1. Not finding help here? Sign up for a free 30min tutor trial with Chegg Tutors
    Dismiss Notice
Dismiss Notice
Join Physics Forums Today!
The friendliest, high quality science and math community on the planet! Everyone who loves science is here!

Homomorphism on rings

  1. Dec 12, 2007 #1
    can someone please explain what these mappings really means? like what is being mapped and mapped to..?? i get confused by the direct sum & product that gets mapped..

    Z [tex]\oplus[/tex] Z ->Z
    Z -> ZxZ
  2. jcsd
  3. Dec 12, 2007 #2
    the first is a mapping from the direct sum Z circle(+) Z to Z, the second is a mapping from Z to the direct product Z x Z, i'm not sure where the confusion is, does this help?
  4. Dec 12, 2007 #3
    thanks! can u tell me if i'm understanding correctly?

    so for Z [tex]\oplus[/tex] Z -> Z (say Z is the integer field),
    can i have some maps like this (4 maps): map((a,b)) = [tex]\pm a \pm b [/tex]
    i mean as long as the value on the right side stays in Z?

    and for Z [tex]\rightarrow[/tex]ZxZ, we are mapping from an elt to an ordered pair like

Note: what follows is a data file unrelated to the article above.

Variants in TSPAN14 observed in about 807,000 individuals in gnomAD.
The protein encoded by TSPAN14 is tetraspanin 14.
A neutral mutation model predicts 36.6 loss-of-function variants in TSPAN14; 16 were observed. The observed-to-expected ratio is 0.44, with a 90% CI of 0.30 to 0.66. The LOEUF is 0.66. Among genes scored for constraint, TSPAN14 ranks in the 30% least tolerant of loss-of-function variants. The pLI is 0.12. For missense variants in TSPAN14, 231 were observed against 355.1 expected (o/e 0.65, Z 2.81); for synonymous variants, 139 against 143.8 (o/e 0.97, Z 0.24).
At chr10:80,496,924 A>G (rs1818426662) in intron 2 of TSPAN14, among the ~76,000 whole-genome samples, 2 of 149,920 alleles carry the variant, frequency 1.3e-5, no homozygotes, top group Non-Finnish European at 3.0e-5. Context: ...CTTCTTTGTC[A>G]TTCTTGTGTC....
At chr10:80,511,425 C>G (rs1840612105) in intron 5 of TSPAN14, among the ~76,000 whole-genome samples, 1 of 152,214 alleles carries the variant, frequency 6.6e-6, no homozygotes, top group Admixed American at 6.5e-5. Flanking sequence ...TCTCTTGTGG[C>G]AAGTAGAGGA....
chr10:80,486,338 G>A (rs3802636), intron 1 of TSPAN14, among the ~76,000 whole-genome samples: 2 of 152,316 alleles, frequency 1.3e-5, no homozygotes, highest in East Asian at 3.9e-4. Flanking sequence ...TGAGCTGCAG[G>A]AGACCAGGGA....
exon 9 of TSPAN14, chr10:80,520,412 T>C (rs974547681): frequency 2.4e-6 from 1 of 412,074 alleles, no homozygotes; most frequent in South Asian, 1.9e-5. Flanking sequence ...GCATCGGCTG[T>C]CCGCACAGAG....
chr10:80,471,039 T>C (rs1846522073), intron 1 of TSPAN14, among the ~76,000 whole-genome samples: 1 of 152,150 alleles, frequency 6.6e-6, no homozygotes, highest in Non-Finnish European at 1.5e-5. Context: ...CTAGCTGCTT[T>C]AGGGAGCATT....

map(a)= (ca,ca) where c in Z?
  5. Dec 12, 2007 #4
    Z is not a field

    so you mean can you have the following maps
    f:Z circle(+) Z ->Z given by f(a, b) = a + b
    f:Z circle(+) Z ->Z given by f(a, b) = a - b
    f:Z circle(+) Z ->Z given by f(a, b) = -a + b
    f:Z circle(+) Z ->Z given by f(a, b) = -a - b
    they are all well defined as is the bottom one in your post

    That doesn't mean they are ring homomorphisms though(looking at the 3rd one)
    f(a, b)f(c, d) = (a - b)(c - d) = ac - bc -ac + bd
    f((a, b)(c, d)) = f(ac, bd) = ac - bd
    Last edited: Dec 12, 2007
Know someone interested in this topic? Share this thread via Reddit, Google+, Twitter, or Facebook

Have something to add?

Similar Discussions: Homomorphism on rings
  1. Ring homomorphism (Replies: 4)